We always recommend that you request your next prescription from your doctor a few weeks before you’re due to run out. This means that you have plenty of time to book in if the doctor needs to see you; it also means that you have a supply at hand in the event of an emergency. 

Lab Tests

How do I get my lab tests done and will it cost me? 

The Wellington region testing centres are called Awanui Labs. Your doctor or nurse will send your lab request form to Awanui Labs electronically, meaning you no longer need to take a paper copy with you, and you can visit any Awanui Lab during their opening hours to have your tests done. You don’t need an appointment. 

You can find Te Whanganui-a-Tara | Wellington Awanui Lab locations here >.

If you are out of Wellington when you need to have your tests done, and the local testing centres are not Awanui Labs, we can email you a copy of your lab request form which you can then take in with you. 

Most lab tests ordered by your doctor or nurse will be free to you. They will discuss it with you before ordering if a fee is expected to apply to a particular test.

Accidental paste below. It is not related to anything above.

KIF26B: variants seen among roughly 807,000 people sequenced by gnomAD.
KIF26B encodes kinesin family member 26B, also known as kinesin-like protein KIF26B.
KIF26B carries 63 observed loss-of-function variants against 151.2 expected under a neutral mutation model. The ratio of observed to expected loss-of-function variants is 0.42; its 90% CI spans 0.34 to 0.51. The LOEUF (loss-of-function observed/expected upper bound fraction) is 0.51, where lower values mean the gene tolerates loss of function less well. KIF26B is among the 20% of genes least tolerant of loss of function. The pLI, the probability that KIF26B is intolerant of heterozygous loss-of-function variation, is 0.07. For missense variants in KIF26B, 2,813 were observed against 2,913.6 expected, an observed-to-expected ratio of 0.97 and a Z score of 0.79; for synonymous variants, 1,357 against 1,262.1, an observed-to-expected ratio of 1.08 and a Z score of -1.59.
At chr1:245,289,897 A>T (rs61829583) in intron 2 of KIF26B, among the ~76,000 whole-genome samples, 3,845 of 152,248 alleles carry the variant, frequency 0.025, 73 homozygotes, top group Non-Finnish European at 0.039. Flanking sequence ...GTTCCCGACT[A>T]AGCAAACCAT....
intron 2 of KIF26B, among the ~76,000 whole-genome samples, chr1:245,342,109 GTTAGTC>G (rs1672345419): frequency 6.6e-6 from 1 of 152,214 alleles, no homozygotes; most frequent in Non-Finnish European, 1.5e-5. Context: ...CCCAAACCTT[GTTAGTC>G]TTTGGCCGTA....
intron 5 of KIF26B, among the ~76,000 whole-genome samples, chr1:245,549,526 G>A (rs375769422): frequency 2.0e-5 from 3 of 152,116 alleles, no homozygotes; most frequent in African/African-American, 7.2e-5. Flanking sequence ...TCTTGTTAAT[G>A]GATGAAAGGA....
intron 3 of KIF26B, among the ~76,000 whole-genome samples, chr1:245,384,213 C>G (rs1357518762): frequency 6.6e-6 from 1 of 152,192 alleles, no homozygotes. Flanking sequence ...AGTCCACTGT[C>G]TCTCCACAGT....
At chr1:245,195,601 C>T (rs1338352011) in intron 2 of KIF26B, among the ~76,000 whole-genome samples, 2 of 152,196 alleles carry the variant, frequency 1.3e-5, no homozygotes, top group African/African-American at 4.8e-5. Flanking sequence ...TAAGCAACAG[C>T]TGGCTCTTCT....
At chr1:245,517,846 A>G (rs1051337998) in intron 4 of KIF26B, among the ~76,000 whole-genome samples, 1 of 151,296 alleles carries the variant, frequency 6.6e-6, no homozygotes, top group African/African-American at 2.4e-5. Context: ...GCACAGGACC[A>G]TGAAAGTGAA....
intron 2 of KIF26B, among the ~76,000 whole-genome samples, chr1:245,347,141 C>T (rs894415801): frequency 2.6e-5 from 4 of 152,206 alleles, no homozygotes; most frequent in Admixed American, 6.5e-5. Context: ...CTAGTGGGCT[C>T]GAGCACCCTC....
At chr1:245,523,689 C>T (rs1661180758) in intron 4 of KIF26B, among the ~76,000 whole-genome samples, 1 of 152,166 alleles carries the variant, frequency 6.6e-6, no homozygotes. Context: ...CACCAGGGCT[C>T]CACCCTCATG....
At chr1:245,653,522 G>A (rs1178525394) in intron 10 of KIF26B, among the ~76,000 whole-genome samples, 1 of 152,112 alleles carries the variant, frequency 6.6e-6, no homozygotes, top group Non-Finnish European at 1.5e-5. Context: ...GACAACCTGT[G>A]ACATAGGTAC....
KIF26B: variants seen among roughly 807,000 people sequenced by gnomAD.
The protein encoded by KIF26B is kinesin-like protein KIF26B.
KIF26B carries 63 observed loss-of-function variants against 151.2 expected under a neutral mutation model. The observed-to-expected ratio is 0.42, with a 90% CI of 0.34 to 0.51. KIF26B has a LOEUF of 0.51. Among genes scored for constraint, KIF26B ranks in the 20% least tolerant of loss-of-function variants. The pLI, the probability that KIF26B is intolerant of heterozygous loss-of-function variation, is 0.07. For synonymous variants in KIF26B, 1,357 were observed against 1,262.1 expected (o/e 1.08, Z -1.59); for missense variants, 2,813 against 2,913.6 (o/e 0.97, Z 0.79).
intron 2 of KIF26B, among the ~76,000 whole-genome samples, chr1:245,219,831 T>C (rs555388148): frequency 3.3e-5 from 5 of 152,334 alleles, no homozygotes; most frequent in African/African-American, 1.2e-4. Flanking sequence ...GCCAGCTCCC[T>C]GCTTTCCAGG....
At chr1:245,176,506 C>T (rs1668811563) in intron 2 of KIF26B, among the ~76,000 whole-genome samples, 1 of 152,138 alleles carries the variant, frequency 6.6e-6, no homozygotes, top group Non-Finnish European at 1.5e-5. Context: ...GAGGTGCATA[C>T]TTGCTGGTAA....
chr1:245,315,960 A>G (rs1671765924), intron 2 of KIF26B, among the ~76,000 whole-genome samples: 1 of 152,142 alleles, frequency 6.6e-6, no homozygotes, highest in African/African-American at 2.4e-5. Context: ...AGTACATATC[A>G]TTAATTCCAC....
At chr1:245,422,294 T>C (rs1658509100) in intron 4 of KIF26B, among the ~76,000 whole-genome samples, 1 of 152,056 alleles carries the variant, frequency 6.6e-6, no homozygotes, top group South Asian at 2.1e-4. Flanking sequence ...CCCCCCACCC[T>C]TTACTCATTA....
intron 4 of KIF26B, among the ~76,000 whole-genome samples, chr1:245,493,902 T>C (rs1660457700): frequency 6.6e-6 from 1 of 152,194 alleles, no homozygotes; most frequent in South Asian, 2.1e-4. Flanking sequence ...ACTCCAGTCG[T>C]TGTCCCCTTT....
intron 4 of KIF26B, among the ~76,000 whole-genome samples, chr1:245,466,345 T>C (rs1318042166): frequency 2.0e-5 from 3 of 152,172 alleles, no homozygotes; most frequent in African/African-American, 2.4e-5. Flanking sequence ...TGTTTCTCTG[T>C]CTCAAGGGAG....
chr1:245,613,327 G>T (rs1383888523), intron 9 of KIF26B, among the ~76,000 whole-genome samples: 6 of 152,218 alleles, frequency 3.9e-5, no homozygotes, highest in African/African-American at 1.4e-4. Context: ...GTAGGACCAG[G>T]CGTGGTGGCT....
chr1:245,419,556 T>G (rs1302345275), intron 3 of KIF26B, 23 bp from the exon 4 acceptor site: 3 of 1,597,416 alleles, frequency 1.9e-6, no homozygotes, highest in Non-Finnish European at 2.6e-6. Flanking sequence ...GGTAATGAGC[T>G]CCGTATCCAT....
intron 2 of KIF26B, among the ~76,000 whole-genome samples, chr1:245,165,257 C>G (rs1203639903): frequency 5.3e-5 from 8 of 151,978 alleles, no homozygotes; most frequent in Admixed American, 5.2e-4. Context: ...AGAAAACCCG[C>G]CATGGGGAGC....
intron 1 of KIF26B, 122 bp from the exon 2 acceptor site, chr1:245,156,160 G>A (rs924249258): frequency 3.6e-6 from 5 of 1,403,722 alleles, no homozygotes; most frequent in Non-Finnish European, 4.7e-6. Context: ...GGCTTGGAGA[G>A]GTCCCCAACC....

Will you tell me once my results are in? 

Usually we will only contact you about your lab tests if there is a result that needs to be discussed with your doctor or followed up on in some way. If all of your tests come back normal then we generally will not contact you. 

However, you are always welcome to call our nurse line to check if your results are in. 

Also, if you are registered for Centrik, then you can review your results online once your doctor has filed them. Talk to reception if you would like to register for Centrik. 

I want to be tested for something but my doctor says it isn’t clinically indicated, can I have the test done anyway? 

Possibly—but you will need to pay for it. 

If you are eligible for funded healthcare in Aotearoa New Zealand then most tests ordered by your doctor will be funded by the Government and therefore free to you. But your doctor will only order funded tests for you if there is a clinical reason to do so. 

If there is a specific test you would like to have done, you may need to order and pay for it yourself. You can do this by visiting My Tests. On this site you can search for a specific test or filter tests by health area, such as hormones, cholesterols and lipids, fertility and pregnancy, etc. The site will also provide you with information on test centre locations and on fees for the tests. 

Referrals to Specialists

What does it mean if my doctor refers me through the public health system?